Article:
Here’s the last part of our two part guide to designing a new bathroom.
To help you create the best layout for your new bathroom, it’s a good idea to draw a simple scale plan, and mark the position of the water pipes, waste outlets, window, door and radiator.
Decide if you’re going to keep the toilet, basin and bath in the same position or if you would prefer to move them into a new location if possible, it’s also a good idea to check that everything conforms to building regulations.
Don’t remove your old bathroom suite yet
Don’t rip out any of your old bathroom suite until your new one has arrived and has been checked over for any signs of damage, and that you have received all the correct fixtures and fittings that you ordered. Anything that has been damaged will be much easier to rectify at this point before carrying out any installation work.
Are you going to include a shower?
Think about whether you want to include a shower in your new bathroom, if you do then make sure to check what sort of plumbing system you have, so you can choose the most suitable type of shower system.
If you can only get a cold water supply to the shower then an electric shower will be the best option, make sure to check that you can get an electricity supply as well. If you can get both hot and cold water feeds to the shower then opt for a mixer shower, ensure that it’s thermostatically controlled to give you peace of mind when showering. Check the pressure too as this will determine if you require a pump or not.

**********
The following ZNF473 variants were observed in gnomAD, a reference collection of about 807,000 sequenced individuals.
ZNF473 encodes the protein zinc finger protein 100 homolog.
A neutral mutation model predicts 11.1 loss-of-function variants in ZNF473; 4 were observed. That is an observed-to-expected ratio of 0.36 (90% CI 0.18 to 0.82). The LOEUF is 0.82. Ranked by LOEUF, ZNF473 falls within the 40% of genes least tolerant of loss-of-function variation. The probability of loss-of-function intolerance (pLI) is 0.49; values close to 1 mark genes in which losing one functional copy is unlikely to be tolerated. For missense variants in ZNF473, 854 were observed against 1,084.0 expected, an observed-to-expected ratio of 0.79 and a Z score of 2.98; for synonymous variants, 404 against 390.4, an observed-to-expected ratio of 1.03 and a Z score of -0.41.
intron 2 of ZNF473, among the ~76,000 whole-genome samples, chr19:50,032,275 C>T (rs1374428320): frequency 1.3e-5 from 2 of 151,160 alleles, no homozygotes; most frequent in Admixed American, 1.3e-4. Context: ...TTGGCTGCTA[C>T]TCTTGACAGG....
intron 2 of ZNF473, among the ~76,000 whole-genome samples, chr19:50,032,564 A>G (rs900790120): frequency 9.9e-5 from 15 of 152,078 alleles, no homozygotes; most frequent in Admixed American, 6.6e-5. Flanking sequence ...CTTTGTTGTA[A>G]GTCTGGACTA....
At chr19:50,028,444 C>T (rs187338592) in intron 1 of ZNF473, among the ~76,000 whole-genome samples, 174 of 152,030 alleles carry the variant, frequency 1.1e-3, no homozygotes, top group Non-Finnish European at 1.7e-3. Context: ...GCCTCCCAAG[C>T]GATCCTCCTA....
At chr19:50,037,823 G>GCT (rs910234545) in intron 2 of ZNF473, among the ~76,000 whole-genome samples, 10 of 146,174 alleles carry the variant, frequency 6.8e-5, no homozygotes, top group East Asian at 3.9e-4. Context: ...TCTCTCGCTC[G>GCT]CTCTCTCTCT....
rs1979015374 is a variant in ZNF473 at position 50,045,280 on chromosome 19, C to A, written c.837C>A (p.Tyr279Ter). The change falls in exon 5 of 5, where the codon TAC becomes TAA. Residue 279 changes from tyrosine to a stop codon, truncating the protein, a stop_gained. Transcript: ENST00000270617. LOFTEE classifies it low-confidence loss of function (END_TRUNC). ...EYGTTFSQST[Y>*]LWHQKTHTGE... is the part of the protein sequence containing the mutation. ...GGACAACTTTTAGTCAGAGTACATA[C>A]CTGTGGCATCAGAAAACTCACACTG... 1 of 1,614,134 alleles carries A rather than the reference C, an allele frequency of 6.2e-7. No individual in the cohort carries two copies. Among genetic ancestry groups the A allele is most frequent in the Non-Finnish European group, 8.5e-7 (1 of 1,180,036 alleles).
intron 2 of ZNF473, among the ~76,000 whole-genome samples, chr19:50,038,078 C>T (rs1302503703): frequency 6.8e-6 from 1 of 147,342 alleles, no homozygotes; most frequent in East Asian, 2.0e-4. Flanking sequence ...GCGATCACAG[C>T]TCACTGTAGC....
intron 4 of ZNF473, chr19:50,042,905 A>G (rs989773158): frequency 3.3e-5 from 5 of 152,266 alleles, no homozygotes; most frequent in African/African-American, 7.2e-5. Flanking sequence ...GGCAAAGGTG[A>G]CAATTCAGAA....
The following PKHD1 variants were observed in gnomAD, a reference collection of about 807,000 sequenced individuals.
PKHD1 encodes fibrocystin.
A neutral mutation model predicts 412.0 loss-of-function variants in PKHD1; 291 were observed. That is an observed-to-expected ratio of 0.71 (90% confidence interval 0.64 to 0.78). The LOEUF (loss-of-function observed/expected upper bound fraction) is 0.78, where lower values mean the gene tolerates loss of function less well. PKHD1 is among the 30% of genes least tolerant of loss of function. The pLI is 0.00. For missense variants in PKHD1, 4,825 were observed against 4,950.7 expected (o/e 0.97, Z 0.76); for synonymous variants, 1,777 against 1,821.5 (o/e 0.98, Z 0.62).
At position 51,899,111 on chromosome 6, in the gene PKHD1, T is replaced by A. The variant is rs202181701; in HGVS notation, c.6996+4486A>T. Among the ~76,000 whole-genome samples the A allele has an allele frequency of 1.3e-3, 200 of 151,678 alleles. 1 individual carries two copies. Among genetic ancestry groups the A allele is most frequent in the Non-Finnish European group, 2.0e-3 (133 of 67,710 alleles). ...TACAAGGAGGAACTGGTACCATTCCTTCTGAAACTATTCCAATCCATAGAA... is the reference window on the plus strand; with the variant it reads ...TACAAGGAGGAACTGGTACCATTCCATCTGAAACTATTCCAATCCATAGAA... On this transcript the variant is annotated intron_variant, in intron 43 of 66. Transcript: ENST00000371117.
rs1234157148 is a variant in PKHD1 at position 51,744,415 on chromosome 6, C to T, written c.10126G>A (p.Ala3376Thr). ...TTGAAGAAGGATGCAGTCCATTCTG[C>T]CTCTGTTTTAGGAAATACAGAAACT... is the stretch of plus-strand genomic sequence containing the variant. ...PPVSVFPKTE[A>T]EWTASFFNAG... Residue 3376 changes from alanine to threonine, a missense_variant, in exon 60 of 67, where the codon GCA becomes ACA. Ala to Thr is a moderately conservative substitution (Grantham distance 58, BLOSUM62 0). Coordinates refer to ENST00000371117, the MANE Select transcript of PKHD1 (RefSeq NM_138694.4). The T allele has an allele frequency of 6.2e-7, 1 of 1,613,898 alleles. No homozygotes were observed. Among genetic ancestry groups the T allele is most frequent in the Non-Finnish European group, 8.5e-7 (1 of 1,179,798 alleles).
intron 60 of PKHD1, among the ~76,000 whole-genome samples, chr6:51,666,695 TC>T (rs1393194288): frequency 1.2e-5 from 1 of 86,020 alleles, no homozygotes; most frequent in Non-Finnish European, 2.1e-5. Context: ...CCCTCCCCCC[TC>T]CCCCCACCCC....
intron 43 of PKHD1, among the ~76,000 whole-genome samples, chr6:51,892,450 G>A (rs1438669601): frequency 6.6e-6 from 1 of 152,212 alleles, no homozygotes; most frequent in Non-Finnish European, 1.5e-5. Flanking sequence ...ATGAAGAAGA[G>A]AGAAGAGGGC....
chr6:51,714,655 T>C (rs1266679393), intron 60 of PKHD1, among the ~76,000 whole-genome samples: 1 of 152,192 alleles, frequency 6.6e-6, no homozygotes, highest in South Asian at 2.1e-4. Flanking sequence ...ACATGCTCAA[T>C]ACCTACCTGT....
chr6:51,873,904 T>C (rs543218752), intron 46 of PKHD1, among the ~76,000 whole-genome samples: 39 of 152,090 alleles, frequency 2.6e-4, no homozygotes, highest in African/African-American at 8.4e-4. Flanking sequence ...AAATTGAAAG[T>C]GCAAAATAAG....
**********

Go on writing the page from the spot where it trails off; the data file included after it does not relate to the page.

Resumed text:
Shower enclosure or shower over the bath?
Is your shower going to be over the bath or in a shower enclosure? If opting for a shower enclosure check that the waste pipes can be run to the outlet. Make sure that the edges around the bath or shower enclosure are waterproofed properly; fit a waterproofing strip before any tiles are fitted to create a more effective seal.
Know how your water system works
Having a basic understanding of how your water system works is always a good idea and you never know when you may need to turn off the water in an emergency. The cold water feed is normally supplied from the mains and is controlled with a stopcock, which is sometimes found in the kitchen. The cold water feed can also come from the cold water tank in the loft, if this is the case then there will be a valve where the pipes come out that controls the flow of the water.
Ensure that your new bathroom is well ventilated to prevent the growth of mould. If your bathroom has a window make sure that you open it during and after using the bath or shower. Alternatively, if there is no window install an extractor fan.
If you’re having a new floor in your bathroom consider installing underfloor heating, which will feel warm and luxurious under stone or ceramic tiles, especially in the cold winter months. Designer radiators and heated towel rails are perfect for providing warmth to your bathroom too, as well as ensuring that your towels are kept warm and dry. Heated towel rails and designer radiators are available in a wide range of sizes to suit every bathroom space.